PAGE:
Northview came out strong at the beginning of Saturday night's Division I girls district basketball championship game against Notre Dame at Perrysburg.
The Wildcats hit six of their eight first-quarter shots and emerged with a 16-9 lead over the Eagles.
But the rest was pretty much all Notre Dame (20-4), as the Eagles' pressure defense ultimately proved to be the difference in a 54-43 victory at Perrysburg.
PHOTO GALLERY: District final: Notre Dame vs. Northview
The Three Rivers Conference champions (14-0 in conference) will face Perrysburg Tuesday at 7 p.m. in a regional semifinal at Central Catholic's Sullivan Center. The Notre Dame-Perrysburg winner then advances to Saturday's noon regional final at Norwalk against either Wadsworth or Rocky River Magnificat.
"This the first district championship for the school in 23 years, so we're just excited to have a part of that," Eagles coach Travis Galloway said. "We hope we can keep playing."
The Eagles are looking to extend the streak of Toledo teams reaching state to five straight years.
"We'd love to make it to Columbus, but that's not here yet," Galloway said. "We play a good Perrysburg team on Tuesday, and we'll see what happens after that."
In beating the Northern Lakes League champions, who were also 14-0 in league play and closed at 21-2 overall, the Eagles were led by University of Toledo-bound senior point guard Cat Wells with 17 points.
"It feels good to be moving on to regionals, and we've got to get better to move to the final four for states," Wells said. "Maybe we can come up with something. You never know."
Eagles senior center Michelle Holmes added 10 points and 10 rebounds, and Demy Whitaker and Jayda Worthy contributed seven points each to lift ND.
"Last year we lost to Start three times, and our last loss was in the district final," Holmes said. "So, we knew this was our turn. If we wanted to get to states we knew the district would be the hardest spot."
Such balance was not as evident on the Northview side of the ledger, thanks in part to the Wildcats having to play without injured senior guard Skylar Rose, an absence that forced Sigler to start three freshmen and shortened his usual bench depth, a fact that became more relevant as the game progressed.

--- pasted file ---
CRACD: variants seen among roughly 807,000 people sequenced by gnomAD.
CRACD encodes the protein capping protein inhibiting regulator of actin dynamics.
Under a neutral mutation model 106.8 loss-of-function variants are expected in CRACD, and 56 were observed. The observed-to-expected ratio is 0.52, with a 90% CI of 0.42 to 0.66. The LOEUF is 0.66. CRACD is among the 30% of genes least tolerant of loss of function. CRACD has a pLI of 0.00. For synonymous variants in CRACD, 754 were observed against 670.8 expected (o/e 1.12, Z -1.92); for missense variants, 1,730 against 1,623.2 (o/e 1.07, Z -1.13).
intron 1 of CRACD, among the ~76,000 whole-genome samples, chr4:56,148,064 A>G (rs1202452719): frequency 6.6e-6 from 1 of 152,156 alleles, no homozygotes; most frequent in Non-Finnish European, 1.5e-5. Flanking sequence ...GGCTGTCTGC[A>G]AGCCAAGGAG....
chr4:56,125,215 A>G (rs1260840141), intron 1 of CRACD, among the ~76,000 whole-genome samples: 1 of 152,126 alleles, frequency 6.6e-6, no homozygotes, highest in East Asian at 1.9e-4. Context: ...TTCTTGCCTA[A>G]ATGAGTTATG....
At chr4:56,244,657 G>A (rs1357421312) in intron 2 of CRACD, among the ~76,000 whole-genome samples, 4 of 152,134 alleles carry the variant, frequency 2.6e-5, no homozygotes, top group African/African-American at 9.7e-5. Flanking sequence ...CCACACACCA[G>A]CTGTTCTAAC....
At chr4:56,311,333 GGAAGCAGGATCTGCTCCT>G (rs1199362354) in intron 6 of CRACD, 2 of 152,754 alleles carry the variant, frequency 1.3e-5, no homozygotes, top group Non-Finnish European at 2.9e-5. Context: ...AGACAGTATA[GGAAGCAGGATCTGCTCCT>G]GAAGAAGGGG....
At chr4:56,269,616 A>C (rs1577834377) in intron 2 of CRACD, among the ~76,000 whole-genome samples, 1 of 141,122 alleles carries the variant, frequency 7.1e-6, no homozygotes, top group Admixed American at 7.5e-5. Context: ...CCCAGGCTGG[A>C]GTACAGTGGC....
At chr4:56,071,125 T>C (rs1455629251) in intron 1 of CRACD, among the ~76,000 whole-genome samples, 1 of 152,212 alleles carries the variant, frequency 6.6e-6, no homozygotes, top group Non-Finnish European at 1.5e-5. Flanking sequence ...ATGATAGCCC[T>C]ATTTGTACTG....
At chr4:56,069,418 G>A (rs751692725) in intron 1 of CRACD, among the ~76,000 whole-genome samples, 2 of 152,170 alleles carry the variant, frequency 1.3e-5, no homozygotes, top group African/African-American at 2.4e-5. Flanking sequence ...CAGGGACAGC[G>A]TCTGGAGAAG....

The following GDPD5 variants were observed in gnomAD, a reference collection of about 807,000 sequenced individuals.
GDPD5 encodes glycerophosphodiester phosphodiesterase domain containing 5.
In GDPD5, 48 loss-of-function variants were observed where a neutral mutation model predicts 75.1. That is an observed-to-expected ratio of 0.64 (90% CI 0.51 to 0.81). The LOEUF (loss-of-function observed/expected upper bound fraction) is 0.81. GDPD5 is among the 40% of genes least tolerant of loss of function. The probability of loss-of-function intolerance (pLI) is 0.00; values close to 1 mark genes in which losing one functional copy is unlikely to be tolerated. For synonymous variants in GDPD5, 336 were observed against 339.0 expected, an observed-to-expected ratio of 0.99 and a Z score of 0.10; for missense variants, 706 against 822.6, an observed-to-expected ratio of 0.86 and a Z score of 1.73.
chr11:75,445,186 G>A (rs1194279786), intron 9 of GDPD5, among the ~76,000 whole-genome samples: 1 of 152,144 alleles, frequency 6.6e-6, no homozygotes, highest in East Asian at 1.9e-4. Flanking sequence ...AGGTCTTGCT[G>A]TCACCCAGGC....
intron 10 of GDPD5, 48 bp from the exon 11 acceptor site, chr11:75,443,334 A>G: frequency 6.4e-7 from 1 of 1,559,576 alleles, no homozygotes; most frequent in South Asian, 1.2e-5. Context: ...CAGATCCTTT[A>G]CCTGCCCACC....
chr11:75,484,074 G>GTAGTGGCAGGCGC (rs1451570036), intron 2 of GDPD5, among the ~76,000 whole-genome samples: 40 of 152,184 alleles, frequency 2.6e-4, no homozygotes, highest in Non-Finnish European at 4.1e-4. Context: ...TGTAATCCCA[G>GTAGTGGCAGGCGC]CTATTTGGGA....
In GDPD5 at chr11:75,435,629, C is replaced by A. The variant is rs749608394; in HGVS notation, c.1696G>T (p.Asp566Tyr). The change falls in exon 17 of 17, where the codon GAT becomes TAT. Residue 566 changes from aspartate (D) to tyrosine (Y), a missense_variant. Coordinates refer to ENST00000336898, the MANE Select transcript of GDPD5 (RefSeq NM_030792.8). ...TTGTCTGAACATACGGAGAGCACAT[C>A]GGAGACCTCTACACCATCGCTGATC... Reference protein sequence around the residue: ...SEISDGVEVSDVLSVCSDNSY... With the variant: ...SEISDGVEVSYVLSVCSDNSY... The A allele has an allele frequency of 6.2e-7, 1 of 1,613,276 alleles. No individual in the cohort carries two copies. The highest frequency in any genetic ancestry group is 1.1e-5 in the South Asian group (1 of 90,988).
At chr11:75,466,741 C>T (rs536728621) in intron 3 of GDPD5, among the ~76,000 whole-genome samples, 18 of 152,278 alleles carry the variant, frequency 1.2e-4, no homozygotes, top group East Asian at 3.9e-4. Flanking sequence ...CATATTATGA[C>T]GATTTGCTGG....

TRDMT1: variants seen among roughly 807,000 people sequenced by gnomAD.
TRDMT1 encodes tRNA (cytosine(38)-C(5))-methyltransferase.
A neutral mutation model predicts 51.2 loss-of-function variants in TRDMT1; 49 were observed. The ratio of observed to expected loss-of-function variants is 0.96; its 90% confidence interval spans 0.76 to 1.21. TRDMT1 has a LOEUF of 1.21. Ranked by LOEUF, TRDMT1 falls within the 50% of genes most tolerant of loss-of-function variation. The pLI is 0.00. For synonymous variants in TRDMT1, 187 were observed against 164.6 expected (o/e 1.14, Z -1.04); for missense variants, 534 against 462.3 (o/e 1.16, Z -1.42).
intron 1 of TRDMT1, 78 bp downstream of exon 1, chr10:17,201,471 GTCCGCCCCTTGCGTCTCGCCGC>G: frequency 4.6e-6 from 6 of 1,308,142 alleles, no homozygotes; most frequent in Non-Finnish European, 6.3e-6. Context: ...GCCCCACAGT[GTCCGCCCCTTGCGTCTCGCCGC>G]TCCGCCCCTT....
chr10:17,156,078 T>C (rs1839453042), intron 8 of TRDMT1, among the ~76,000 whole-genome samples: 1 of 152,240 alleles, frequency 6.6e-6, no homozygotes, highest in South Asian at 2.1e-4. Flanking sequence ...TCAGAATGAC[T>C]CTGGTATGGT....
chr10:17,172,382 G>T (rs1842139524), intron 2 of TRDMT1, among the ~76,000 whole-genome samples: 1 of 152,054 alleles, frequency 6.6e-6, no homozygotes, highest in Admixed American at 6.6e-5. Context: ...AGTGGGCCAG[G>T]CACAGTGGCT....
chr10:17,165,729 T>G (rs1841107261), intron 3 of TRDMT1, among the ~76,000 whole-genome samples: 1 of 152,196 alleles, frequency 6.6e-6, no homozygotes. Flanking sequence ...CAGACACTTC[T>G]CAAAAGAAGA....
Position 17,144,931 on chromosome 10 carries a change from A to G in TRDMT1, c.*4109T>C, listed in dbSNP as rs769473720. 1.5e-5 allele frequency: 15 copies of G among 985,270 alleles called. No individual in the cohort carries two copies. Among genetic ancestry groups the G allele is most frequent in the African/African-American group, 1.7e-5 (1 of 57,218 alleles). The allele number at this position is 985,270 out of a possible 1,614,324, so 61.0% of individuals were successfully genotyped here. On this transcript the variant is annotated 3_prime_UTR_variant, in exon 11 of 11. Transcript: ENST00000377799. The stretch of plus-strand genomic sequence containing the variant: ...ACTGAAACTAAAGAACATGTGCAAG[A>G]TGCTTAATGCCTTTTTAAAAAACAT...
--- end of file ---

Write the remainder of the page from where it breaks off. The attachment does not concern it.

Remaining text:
"They came out more focused than we were," Holmes said of the first quarter. "We still had the jitters because we hadn't won a district championship.
"But, as soon as we got the jitters out, our coach told us 'the game's not over,' and we came our hard. We turned it around at the beginning of the second quarter."
In defeat, Northview senior guard Miriam Justinger was valiant from start to finish, leading all scorers with 23 points. Fellow senior Jessica Jessing added 10 points and 11 rebounds in the loss, which snapped the Wildcats' 20-game winning streak.
"We had an injury problem and started three freshmen," Northview coach Jerry Sigler said. "There's all kinds of excuses, but there really are none. They were just better than us tonight.
"Notre Dame is very athletic, they're very well coached, they're very unselfish. They do everything well."
Notre Dame was 22-of-49 from the field, 7-of-11 from the line, was outrebounded 24-20 by the taller Cats, but forced 22 turnovers while limiting their own giveaways to 13 in the game.
Much of the damage caused by those Northview turnovers came in the decisive third quarter, when the Eagles forced eight of them and outscored the Wildcats 21-9 after having trailed 21-20 at halftime.
"It was just our intensity," Wells said of the Eagles' second and third-quarter surges. "We had to calm down and get all the jitters out, and come out with a lot of intensity. In the third quarter, it was our patience."
"Once we got it down to one at the half, I think the kids understood we didn't play our best half, and all year long the third quarter's been our best quarter," Galloway said. "We got the game going in our favor, getting some turnovers and some easy buckets. Then we did a good job of executing and taking good shots and being patient in the fourth quarter."
With its superior guard play down the stretch, Notre Dame was able to milk some clock and never let their 40-31 lead after three quarter shrink below eight points.
The Wildcats were 15-of-29 from the field and 12-of-14 from the line. The trouble was the turnovers enabled Notre Dame to get off 20 more shots.
"They came out with the run-and-jump [pressure defense] in the second quarter," Sigler said. "We were prepared for it, but we did not execute it. Give credit to Notre Dame. They did what they had to do to beat us."
Contact Steve Junga at: firstname.lastname@example.org 419-724-6461, or on Twitter @JungaBlade.